Thanks so much for dropping by unseminary … I hope that your able to find some resources that help you lead your church better in the coming days! I’ve been involved in church leadership for over 15 years. Early on I had the privilege of leading in one of the very first multisite churches in North Amerca. I led the charge in helping The Meeting House in Toronto to become the leading multi-site church in Canada with over 4,000 people in 6 locations. (Today they are 13 locations with somewhere over 5,000 people attending.) In addition, I served on the leadership team of Connexus Community Church in Ontario, a North Point Community Church Strategic Partner. I currently serves as Operations Pastor at Liquid Church in the Manhattan facing suburbs of New Jersey. I have a dual vocational background that uniquely positions me for serving churches to multiply impact. While in the marketplace, I founded a dot-com with two partners in the late 90’s that worked to increase value for media firms and internet service providers. I’m married to Christine and we live in Scotch Plains, NJ with their two children and one dog.

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Recent Comments
comment_post_ID); ?> Are there any reliable statistics about the percentage of church plants that fail after 3 years in the US?
— Jon Moore
comment_post_ID); ?> I am a senior citizen who has lived in many areas of the US, the farthest south being Virginia DC area. There are several church plants in the area--some failed, some doing well. One of the sadist failures was a plant in NW Washington near a large Presbyterian Church (I had been an elder in the church, so I knew the area) where changes in church doctrine was driving many away from the PCUSA churches. There were many mature Christians who lived in the area who were very willing to participate and give generously to the church. Its failure was a loss. The pastor and his wife lived in a VA suburb, wanted something that would appeal to their tastes, which included "praise music". There was a professional piano teacher and several people who had sung in choirs in the area. Their suggestions were completely ignored. Forget that there was joyous participation in singing hymns and silence by many for the praise music. The experienced church leaders that were attending were expected to seek the wisdom of the pastor who did not live in the area rather than have any role in leadership. There is another church plant in Northern Virginia that seems to be going the same way. My take: the pastors should get past their high-school and college days culture and get to know and appreciate the people of the community. Do not try to reproduce Intervarsity or Campus Crusade. Hymns are not a sin and "uneducated" (never graduated from college) should not be ignored as uninformed or stupid. People who have served in and/or live in the area are needed in leadership and not just to serve coffee and give. We all need to pray together and serve God in the community in which there is to be a plant. Glenna Hendricks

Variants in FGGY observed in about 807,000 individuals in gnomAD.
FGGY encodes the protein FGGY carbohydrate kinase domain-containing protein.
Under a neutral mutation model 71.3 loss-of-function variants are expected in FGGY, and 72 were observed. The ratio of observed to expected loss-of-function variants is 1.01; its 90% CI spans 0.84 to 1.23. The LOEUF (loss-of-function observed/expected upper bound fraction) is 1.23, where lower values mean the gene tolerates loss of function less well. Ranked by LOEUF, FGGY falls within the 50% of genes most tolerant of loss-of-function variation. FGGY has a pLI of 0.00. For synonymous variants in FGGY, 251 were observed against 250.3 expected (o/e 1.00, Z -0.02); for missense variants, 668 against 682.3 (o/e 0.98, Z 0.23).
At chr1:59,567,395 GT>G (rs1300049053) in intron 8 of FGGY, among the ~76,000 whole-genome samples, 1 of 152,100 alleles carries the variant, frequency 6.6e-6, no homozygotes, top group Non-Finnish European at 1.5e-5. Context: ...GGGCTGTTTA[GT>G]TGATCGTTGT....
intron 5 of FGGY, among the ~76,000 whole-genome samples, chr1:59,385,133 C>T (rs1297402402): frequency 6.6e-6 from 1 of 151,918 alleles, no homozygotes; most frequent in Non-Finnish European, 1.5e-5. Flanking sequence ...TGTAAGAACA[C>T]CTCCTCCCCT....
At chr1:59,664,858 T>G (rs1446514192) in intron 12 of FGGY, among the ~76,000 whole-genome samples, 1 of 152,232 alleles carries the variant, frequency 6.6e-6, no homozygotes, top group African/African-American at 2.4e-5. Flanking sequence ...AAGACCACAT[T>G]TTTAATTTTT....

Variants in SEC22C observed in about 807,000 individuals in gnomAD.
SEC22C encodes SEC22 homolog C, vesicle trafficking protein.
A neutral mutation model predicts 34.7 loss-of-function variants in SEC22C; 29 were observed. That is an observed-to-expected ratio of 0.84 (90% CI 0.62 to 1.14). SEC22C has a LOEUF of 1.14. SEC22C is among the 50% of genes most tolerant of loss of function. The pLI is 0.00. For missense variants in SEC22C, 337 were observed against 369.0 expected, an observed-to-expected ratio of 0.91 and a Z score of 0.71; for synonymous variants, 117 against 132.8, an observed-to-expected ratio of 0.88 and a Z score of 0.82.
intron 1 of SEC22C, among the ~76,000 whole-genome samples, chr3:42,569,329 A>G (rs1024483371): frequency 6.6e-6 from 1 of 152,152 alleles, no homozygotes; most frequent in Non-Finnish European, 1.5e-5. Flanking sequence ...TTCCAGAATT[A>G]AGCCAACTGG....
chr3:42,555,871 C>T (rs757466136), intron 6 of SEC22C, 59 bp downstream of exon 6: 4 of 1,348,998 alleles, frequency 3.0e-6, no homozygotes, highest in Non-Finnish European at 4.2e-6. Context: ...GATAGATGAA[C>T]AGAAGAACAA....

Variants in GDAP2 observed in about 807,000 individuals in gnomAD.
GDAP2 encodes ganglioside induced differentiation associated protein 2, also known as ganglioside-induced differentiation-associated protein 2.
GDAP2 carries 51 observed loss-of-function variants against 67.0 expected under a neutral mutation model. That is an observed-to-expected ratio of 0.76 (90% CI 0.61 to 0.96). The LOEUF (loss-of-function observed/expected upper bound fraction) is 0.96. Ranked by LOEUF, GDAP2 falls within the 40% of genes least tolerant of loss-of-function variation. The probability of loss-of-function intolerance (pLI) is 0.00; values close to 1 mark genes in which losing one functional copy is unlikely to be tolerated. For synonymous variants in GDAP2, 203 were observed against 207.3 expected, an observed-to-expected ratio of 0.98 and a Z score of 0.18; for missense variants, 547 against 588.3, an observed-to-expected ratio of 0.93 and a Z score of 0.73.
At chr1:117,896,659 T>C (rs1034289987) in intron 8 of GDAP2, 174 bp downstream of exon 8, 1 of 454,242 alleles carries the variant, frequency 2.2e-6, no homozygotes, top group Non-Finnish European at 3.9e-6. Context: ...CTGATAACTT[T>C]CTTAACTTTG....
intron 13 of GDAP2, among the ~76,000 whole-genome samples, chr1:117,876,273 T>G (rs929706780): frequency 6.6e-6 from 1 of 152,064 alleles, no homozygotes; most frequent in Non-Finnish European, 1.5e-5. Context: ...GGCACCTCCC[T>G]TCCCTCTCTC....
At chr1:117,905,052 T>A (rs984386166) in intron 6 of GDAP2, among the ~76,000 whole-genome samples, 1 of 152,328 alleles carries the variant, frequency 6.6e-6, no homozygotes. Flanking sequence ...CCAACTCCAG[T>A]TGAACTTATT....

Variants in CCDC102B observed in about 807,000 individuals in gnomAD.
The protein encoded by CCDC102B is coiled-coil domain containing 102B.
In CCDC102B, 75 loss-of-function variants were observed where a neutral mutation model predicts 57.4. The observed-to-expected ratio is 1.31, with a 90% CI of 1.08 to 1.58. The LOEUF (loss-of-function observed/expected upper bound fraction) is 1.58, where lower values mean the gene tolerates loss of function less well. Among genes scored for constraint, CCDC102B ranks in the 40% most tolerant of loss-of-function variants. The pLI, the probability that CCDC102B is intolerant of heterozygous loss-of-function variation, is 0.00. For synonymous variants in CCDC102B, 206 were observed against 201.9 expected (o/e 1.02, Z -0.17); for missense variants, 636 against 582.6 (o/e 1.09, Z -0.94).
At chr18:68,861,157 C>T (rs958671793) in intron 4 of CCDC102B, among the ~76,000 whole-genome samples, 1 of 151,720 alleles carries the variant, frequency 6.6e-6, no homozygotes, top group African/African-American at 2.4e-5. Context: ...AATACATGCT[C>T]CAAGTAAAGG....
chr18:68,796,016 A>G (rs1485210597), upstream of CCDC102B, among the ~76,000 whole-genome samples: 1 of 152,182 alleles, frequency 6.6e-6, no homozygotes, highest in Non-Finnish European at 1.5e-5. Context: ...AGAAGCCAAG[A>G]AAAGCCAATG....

— Glenna Hendricks
comment_post_ID); ?> I like it Mac and do agree with your opinions on the matter. Thanks much
— winston